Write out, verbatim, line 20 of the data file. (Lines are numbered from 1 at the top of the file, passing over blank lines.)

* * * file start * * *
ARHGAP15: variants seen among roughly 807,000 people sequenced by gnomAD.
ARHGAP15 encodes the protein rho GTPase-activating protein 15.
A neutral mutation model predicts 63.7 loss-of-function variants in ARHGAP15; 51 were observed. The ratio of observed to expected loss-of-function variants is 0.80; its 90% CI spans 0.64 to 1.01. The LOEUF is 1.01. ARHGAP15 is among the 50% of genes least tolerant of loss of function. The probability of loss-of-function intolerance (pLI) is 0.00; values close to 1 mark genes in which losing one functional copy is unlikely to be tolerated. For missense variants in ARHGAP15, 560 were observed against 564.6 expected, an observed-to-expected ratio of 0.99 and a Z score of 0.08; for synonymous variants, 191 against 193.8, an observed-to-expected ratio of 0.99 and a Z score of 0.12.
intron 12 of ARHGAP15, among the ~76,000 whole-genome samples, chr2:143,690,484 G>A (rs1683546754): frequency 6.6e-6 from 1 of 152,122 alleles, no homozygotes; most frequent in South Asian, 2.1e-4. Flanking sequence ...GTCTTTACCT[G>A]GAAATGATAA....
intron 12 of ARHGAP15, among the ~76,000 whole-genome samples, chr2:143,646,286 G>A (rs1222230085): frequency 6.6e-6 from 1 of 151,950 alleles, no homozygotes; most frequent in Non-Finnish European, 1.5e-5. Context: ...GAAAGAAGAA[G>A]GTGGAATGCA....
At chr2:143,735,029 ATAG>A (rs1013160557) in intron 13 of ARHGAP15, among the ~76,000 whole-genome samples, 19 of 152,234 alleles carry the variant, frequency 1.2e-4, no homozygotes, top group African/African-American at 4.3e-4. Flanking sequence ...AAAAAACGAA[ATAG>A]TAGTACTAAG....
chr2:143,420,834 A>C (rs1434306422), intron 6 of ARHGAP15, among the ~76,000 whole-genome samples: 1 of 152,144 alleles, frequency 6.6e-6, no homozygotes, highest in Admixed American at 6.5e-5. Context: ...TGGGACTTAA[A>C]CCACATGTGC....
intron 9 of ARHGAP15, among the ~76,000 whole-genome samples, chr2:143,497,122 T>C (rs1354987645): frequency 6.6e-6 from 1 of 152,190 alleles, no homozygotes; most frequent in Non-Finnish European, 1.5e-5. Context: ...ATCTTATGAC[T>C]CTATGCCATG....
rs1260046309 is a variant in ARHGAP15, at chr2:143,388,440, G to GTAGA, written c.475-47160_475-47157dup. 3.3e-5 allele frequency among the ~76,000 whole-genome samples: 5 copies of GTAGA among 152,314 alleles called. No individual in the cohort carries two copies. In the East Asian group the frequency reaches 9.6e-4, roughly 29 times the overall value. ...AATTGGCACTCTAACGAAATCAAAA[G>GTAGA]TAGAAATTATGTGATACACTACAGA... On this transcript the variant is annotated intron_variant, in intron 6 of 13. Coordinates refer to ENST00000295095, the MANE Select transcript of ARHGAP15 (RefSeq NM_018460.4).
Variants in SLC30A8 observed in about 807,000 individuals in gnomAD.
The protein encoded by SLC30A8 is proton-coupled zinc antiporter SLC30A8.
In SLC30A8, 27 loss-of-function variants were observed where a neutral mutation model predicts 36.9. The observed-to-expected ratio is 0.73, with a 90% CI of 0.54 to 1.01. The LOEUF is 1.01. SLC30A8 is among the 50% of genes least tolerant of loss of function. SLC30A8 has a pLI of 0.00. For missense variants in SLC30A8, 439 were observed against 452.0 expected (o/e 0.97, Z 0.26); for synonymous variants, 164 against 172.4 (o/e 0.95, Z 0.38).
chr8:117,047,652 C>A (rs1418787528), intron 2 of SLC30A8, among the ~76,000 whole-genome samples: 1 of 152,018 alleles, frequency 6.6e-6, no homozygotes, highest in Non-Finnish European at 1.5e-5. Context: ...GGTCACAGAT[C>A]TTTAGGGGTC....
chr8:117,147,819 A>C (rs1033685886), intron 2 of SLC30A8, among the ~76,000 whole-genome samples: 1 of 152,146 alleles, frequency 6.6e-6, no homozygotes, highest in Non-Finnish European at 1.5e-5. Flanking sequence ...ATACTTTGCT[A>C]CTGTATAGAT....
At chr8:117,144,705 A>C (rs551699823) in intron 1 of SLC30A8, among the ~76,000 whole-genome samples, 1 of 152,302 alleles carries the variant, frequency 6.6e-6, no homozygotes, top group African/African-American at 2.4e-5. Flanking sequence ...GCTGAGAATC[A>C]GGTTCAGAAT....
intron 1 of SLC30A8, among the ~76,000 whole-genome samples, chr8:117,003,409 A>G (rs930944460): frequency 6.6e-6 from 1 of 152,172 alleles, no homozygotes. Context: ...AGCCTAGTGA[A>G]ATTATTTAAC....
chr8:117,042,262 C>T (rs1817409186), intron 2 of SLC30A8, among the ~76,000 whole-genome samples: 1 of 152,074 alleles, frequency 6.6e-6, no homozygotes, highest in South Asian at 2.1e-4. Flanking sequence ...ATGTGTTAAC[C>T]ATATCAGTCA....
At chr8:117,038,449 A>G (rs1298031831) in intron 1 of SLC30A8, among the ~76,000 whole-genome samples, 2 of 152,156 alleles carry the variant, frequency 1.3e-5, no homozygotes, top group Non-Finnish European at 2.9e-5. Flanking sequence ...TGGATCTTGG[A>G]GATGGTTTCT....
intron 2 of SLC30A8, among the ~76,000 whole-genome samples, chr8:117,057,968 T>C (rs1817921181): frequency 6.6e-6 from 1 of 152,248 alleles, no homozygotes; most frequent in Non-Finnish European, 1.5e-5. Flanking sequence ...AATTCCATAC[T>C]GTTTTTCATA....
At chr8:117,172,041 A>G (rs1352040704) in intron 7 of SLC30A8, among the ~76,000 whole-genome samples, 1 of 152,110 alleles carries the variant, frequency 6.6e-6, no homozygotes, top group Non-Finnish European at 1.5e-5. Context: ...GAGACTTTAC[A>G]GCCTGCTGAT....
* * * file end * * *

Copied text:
At chr8:117,172,041 A>G (rs1352040704) in intron 7 of SLC30A8, among the ~76,000 whole-genome samples, 1 of 152,110 alleles carries the variant, frequency 6.6e-6, no homozygotes, top group Non-Finnish European at 1.5e-5. Context: ...GAGACTTTAC[A>G]GCCTGCTGAT....